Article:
M.S. Andrianov (2005) notes that a modern legal psychological expert must use subjective criteria if he has no objective criteria for the evaluation of the degree of abusiveness in cartoons and collages. The lack of objective criteria often results in the inability of psychological experts to convincingly prove the abusiveness of any given element of the picture.

There have not been any research studies devoted to the types of cartoons, collages and their elements that are insulting, the degree of their abusiveness for the honor and dignity of different sorts of personalities, what can be considered an indecent form of insulting, etc. The present psychological research is devoted to the settlement of these and other problems.

As some special terms will be used in the study, it is appropriate to give their definitions and to explain their meaning.

CARTOON is a picture in which a comic effect is created by the unity of some real and imagined facts, hyperbolizing and underlining some peculiar features, unexpected comparison and likening; it is the main pictorial form of satire.

CARICATURE is a humorous picture (usually a portrait) in which a persons peculiar features are emphasized and changed in a funny way though the resemblance is observable.

COLLAGE is a picture drawn by means of combining some fragments of different pictures; it is a sort of creative art work. The definitions show that cartoons and collages are a type of creative art work. Studies of cartoons in Russia are generally aimed at revealing artistic but not psychological aspects of such images (Belova & Shaklein, 2012). Therefore, very often when an artist or mass media that publishes the insulting cartoon or collage is called to account, they refer to the freedom of their creative work as an argument in their favor. However, the psychological research studies have demonstrated that while perceiving an art picture, a person not only has some aesthetic feelings but also realizes’ the author’s point of view on the depicted event or person. He also realizes an insulting emphasis that is placed by the author of the cartoon or collage (Anikina, 2013). It is clear that if the picture is aimed at insulting some personality, the depicted person has a feeling of insult, and not aesthetic feelings. The legal argument against using cartoons and collages with the purpose of insulting a personality is also meaningful. There is a general principle in the law: the freedom of one person (including his freedom of creating art works) comes to an end where the freedom of another person begins. Modern psychological studies in the field of cartoon perception show that the degree of their impact on individuals is determined by particular permutations of graphic methods (Mikhailova, 2011). Further research in this area has become the subject of our experimental study.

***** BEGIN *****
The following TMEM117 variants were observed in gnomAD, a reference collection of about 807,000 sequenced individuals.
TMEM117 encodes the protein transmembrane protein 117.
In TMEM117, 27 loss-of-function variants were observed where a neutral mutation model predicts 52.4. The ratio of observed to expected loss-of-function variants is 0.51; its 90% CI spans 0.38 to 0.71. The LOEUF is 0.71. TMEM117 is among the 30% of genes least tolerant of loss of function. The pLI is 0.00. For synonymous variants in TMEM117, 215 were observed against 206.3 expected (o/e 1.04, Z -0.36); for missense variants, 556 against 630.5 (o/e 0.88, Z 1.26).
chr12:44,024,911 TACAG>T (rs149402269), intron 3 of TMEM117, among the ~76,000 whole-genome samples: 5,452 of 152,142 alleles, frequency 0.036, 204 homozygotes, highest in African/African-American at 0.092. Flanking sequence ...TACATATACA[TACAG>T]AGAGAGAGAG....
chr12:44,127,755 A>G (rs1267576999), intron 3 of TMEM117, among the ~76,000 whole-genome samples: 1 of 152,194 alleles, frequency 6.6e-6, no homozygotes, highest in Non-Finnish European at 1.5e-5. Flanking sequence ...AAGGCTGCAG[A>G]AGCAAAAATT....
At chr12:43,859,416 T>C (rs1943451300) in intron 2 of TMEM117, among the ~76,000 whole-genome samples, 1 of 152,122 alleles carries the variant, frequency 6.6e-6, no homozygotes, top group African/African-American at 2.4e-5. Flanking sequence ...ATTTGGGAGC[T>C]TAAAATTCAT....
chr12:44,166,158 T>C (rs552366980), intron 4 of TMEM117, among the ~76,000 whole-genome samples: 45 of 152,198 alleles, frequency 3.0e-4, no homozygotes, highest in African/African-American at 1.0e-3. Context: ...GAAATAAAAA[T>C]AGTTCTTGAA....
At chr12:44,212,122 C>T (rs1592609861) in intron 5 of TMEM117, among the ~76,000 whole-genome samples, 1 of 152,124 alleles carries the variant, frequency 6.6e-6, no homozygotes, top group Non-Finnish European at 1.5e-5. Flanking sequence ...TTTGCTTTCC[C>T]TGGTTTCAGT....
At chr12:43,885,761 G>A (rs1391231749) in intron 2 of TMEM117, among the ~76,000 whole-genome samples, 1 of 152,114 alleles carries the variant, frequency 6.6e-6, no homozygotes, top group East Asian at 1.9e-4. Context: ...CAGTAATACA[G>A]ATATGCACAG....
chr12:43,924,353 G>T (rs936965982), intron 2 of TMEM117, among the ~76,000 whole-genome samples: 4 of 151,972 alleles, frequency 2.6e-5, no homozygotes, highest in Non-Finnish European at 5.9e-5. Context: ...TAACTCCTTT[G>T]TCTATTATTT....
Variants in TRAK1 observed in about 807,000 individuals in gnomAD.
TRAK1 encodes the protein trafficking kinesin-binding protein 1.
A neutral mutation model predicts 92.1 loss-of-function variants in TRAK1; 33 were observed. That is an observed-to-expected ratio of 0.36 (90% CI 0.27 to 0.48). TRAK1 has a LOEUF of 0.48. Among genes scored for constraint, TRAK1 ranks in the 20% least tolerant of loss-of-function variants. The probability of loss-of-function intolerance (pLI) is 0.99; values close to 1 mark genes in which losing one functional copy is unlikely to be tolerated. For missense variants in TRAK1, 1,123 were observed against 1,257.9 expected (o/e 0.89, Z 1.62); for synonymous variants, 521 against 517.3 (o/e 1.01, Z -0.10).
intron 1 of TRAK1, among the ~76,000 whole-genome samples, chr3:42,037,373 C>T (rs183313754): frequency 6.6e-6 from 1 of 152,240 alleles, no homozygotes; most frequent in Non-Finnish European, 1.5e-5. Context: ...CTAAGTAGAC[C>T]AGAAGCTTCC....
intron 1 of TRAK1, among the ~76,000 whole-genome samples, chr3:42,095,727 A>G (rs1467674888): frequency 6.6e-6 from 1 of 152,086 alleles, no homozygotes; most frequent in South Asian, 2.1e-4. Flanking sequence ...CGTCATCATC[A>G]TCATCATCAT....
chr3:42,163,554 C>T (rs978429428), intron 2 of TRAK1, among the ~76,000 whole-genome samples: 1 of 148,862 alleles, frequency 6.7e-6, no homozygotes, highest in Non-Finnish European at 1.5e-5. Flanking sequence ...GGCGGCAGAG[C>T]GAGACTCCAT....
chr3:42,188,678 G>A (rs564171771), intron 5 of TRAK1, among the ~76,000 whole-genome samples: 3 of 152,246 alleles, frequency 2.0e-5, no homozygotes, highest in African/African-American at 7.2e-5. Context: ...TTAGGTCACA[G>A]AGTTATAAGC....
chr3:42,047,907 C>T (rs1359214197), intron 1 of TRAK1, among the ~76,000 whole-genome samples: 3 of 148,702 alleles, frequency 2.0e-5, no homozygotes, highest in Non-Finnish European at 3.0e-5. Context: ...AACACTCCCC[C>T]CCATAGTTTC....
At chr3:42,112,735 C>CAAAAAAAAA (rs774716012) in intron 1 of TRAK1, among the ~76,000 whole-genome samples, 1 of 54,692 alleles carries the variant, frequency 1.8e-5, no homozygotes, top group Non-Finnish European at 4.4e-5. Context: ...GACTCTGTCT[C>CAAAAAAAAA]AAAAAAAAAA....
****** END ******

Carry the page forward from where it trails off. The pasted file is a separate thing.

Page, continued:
Method

Research objectives:

  1. Evaluation of possible degrees of abusiveness in political cartoons and collages and determination of criteria with which to divide pictures into categories based on degrees of abusiveness.

  2. Determination of gender aspects of the perception of political cartoons and collages.

  3. Determination of the dependence of the perception of the abusiveness of a picture on the hierarchic status of the insulted person.

Reasoning for the research methods

The Method of Expert Opinion was chosen as the main method. It has been used in psychology for a long time. Another method used in this research was a psychological experiment. The necessity of an experiment can be explained by the peculiarities of the research material. The pilot research has demonstrated that when the participants were to evaluate the degree of the picture abusiveness for the person depicted in the cartoon or collage, they often did not solely assess the abusiveness of the form of some concrete picture but also the moral qualities of the person who became the object of the cartoon or collage. For example, if the participant did not like a politician, the expert found the picture of him less insulting even if it contained some elements of indecency. To avoid similar mistakes in perception, the participants were asked either to play the role of the depicted man’s solicitors or to imagine themselves in the place of his relatives or friends, or the insulted person, i.e., an element of role play was used. The results after the introduction of the experimental form became much more grounded.